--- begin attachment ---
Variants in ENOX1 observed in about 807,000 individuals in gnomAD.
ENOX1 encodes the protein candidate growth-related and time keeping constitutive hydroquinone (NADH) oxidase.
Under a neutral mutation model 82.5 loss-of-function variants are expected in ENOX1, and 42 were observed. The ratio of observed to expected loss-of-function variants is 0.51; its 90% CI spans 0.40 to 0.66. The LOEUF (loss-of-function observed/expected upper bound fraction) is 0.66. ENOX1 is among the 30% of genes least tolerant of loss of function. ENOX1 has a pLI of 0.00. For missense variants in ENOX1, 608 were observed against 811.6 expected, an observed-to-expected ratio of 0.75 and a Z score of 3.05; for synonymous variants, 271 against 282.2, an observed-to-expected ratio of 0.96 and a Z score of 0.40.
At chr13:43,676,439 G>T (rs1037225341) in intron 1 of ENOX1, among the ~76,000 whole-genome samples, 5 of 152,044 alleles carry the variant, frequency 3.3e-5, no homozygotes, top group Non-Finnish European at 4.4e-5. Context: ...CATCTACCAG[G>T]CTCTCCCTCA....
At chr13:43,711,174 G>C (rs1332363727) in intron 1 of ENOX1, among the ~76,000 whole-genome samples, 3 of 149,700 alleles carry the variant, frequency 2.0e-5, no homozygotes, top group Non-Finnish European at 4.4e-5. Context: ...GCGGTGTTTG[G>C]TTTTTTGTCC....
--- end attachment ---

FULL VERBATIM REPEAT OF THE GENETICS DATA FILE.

Variants in ENOX1 observed in about 807,000 individuals in gnomAD.
ENOX1 encodes the protein candidate growth-related and time keeping constitutive hydroquinone (NADH) oxidase.
Under a neutral mutation model 82.5 loss-of-function variants are expected in ENOX1, and 42 were observed. The ratio of observed to expected loss-of-function variants is 0.51; its 90% CI spans 0.40 to 0.66. The LOEUF (loss-of-function observed/expected upper bound fraction) is 0.66. ENOX1 is among the 30% of genes least tolerant of loss of function. ENOX1 has a pLI of 0.00. For missense variants in ENOX1, 608 were observed against 811.6 expected, an observed-to-expected ratio of 0.75 and a Z score of 3.05; for synonymous variants, 271 against 282.2, an observed-to-expected ratio of 0.96 and a Z score of 0.40.
At chr13:43,676,439 G>T (rs1037225341) in intron 1 of ENOX1, among the ~76,000 whole-genome samples, 5 of 152,044 alleles carry the variant, frequency 3.3e-5, no homozygotes, top group Non-Finnish European at 4.4e-5. Context: ...CATCTACCAG[G>T]CTCTCCCTCA....
At chr13:43,711,174 G>C (rs1332363727) in intron 1 of ENOX1, among the ~76,000 whole-genome samples, 3 of 149,700 alleles carry the variant, frequency 2.0e-5, no homozygotes, top group Non-Finnish European at 4.4e-5. Context: ...GCGGTGTTTG[G>C]TTTTTTGTCC....